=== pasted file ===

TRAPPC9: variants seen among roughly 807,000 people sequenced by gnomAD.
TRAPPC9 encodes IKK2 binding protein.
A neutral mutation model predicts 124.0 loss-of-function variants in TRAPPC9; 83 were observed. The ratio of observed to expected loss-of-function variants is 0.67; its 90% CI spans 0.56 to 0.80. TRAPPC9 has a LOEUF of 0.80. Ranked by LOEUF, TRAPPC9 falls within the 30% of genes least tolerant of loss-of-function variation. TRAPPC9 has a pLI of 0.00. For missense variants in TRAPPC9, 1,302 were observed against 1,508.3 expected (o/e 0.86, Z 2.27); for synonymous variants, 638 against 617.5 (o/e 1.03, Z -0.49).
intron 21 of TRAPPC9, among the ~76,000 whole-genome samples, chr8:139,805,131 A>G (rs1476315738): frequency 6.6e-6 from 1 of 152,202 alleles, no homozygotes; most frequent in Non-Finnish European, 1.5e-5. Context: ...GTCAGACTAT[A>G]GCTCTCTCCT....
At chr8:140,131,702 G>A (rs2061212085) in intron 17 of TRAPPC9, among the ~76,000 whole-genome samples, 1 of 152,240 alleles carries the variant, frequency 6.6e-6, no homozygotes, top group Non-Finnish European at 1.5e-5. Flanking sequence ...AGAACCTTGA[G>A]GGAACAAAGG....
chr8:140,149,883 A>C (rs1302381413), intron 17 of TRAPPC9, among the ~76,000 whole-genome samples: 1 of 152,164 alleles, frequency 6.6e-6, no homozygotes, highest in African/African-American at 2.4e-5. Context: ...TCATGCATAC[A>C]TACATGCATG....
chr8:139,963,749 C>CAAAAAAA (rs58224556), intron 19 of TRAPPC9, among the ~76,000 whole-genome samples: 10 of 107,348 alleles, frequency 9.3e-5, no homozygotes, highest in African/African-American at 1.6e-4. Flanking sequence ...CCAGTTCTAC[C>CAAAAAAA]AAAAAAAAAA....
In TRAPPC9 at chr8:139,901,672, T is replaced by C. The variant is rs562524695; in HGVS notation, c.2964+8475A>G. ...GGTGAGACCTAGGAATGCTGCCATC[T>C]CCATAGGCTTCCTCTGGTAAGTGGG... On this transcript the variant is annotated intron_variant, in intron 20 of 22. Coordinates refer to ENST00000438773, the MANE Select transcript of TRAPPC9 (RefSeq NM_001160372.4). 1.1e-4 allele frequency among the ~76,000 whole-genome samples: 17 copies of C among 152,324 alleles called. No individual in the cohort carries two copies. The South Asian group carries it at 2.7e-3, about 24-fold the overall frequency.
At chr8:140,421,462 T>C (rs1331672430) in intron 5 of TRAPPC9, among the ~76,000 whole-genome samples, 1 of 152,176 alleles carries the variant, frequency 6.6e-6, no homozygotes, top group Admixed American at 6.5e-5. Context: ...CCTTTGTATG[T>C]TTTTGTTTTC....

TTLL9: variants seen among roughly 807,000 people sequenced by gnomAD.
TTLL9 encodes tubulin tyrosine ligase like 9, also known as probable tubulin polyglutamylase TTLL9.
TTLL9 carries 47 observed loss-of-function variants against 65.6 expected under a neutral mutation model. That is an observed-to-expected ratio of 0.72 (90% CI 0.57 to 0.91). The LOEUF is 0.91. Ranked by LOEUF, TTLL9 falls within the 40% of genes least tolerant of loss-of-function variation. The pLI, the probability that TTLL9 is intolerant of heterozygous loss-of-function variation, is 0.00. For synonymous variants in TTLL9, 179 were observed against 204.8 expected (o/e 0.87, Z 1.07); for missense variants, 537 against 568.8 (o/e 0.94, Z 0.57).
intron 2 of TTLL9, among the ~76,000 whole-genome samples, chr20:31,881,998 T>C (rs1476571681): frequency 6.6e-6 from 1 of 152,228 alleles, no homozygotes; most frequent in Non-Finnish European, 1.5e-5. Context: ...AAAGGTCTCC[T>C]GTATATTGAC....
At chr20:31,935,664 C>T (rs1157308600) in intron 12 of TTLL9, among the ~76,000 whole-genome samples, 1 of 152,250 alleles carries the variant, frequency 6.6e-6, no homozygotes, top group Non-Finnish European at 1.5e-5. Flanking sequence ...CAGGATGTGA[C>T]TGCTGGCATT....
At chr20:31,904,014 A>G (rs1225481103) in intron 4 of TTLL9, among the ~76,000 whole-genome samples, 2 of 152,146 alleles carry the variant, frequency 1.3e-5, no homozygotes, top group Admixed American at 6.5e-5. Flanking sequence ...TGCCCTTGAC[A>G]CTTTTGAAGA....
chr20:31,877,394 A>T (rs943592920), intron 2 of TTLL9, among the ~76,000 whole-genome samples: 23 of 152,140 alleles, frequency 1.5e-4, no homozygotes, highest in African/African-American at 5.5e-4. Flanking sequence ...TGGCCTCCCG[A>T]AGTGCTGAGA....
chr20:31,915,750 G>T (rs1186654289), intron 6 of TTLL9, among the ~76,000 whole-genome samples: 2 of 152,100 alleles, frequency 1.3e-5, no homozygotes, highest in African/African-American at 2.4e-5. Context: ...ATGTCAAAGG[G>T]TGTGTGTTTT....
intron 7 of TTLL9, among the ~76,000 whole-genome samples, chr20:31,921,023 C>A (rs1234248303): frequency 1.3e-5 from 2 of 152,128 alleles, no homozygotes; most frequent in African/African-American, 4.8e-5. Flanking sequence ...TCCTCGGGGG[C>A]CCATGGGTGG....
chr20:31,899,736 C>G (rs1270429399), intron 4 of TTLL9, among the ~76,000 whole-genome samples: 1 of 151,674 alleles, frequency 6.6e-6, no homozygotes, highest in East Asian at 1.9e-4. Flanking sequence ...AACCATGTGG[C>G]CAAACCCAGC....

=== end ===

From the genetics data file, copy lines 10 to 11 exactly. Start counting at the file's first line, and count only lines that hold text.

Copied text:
TTLL9: variants seen among roughly 807,000 people sequenced by gnomAD.
TTLL9 encodes tubulin tyrosine ligase like 9, also known as probable tubulin polyglutamylase TTLL9.